Tuesday, April 28, 2009

Cultural Ties, Genocide and Democracy


Posted by Jay:

Tuesday April 28, 2009: Today morning, I got to work, and I logged onto Gmail, as usual. A while later, I saw my friend Shant’s chat status voicing rage towards the Lebanese government. Intrigued, I asked her what was going on. She pasted the below excerpt from the Daily Star for me:

“BEIRUT: Turkish Cultural Week opened Monday evening with a lavish meal organized by the Turkish Embassy in Beirut. The week's events aim to strengthen cultural ties between the two countries, with a wide range of activities taking place in Beirut and in the northern city of Tripoli, with the goal of embracing the cultural richness of the two Mediterranean countries.”

Naturally, I understood her frustration; I was more than irritated myself. To launch a “cultural tie strengthening” event with a nation responsible for mass genocide a mere THREE days after the Armenian Genocide’s 94th year unrecognised is more than disrespectful - it’s downright disgusting. Slowly, it flared up, and resulted in a decision to protest the Cultural Week at the turkish traditional and contemporary music concert that was to take place at the UNESCO Palace later in the evening.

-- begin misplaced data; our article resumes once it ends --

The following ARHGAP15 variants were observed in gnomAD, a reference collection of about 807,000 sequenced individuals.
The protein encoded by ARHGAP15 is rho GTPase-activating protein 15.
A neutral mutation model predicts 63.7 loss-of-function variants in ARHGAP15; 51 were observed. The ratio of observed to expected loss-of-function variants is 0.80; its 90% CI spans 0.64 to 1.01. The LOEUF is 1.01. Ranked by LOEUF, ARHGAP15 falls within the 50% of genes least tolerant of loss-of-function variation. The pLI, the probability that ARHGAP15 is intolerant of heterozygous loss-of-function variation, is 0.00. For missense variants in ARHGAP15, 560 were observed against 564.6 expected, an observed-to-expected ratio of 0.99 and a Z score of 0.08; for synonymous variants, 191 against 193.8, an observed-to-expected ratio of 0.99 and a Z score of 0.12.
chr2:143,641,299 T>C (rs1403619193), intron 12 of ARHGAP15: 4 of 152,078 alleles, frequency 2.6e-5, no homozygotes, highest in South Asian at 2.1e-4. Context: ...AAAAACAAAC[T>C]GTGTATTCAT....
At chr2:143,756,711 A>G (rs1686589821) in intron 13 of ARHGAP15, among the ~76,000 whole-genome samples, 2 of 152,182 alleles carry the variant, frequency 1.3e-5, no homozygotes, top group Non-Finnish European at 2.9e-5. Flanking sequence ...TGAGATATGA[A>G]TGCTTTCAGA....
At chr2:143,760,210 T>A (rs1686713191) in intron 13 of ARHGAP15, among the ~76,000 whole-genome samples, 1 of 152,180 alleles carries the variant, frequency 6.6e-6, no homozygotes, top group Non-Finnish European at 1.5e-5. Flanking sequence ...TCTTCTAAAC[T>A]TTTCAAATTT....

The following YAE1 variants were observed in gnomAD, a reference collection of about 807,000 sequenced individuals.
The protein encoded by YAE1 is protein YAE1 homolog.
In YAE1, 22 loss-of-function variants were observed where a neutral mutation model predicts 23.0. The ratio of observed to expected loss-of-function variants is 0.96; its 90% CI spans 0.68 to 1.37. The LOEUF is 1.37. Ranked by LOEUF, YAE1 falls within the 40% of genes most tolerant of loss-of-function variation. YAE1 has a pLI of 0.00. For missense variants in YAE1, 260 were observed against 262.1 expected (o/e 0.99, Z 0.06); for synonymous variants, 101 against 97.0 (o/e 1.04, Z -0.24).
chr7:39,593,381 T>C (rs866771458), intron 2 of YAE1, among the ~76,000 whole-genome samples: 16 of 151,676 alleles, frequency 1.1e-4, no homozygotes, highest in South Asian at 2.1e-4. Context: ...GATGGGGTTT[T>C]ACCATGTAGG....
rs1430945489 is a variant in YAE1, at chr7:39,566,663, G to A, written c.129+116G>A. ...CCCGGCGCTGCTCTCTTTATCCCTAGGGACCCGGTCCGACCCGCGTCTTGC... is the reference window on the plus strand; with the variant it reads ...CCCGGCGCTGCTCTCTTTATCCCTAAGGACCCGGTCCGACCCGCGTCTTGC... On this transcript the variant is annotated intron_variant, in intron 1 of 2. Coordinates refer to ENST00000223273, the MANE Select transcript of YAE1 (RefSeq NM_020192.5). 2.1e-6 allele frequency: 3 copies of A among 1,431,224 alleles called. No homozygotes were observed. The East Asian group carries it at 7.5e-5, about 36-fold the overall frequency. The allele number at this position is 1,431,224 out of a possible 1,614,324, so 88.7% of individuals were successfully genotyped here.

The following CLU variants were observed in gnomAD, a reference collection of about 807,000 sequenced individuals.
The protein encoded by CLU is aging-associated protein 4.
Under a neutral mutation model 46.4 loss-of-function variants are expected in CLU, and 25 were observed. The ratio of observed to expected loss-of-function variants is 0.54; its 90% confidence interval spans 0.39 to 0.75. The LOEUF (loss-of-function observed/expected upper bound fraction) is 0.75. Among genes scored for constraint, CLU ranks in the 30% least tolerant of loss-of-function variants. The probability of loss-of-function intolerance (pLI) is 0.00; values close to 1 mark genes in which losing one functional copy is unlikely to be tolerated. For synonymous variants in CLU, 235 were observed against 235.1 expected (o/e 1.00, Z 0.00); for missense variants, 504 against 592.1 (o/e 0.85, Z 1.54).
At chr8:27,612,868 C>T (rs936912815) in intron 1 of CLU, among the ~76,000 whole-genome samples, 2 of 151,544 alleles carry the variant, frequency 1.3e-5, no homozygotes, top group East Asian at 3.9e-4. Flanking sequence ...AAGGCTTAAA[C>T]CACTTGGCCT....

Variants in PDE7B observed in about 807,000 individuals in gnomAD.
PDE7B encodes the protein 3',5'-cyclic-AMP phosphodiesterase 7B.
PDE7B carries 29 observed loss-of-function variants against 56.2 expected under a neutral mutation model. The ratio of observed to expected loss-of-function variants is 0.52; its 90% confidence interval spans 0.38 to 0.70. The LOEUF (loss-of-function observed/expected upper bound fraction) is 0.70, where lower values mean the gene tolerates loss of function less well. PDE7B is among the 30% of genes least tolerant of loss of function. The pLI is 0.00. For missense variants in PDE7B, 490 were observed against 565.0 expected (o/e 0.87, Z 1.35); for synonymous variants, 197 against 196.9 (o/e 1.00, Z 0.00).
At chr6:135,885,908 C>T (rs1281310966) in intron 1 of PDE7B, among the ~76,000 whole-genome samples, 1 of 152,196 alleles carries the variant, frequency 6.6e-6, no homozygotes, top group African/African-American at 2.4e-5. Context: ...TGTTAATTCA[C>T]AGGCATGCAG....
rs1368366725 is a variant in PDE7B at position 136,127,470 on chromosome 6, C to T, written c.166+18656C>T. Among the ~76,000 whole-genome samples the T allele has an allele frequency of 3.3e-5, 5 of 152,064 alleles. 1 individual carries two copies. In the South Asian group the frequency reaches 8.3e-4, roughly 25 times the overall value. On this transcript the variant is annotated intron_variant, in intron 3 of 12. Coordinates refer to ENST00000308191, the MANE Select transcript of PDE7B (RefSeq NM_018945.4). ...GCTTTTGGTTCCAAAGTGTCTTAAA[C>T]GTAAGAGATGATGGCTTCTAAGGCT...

We spread the word throughout the day using our available means (namely Facebook) – and the number of people to confirm attendance steadily rose during the day. At 19.30, armed with nothing but banners stating “Recognise the Armenian Genocide”, 15 young women and men set out to Corniche el Mazraa, to the UNESCO Palace, and revealed the banner there.
Around an hour into the sit-in I wasn’t able to attend, I sulkily texted Shant and asked her how it went. Her response? “We are in the makhfar (police station).”

...That is democracy for you, ladies and gentlemen. A few minutes into their having displayed the banner, the police showed up and took “their measures”. Currently, the 15 feminists are being indefinitely detained in the Ramleh el Bayda Police Station. Everything is under control, however, the activists are calm and composed, and we are working on solving the issue.

6 comments:

Nadz said...

Awesome work Deems and Jay! And great picture.. who took that?

Shant said...

Are you seriously asking who took that ya Nadz... :D
I took it and when we got arrested I passed it on to someone who passed it to someone so they go with it and publish the photos ...

Roxanne said...

Thank you for organizing this bold protest. As a feminist, Armenian, and activist, who lives on the other side of the world from you, I am proud and empowered by your action.

Roxanne Makasdjian
San Francisco

Nadz said...

Hahahaha.. Why do I keep asking the questions whose obvious answer is always Shant? :) Excellent photo!

Hoba said...

There are no narrow causes, there are narrow-minded people. I don't think one has to be Armenian to feel disgusted by the Turkish governement's criminal politics. Keep fighting !

Shant said...

Thanks Roxanne and Hoba :)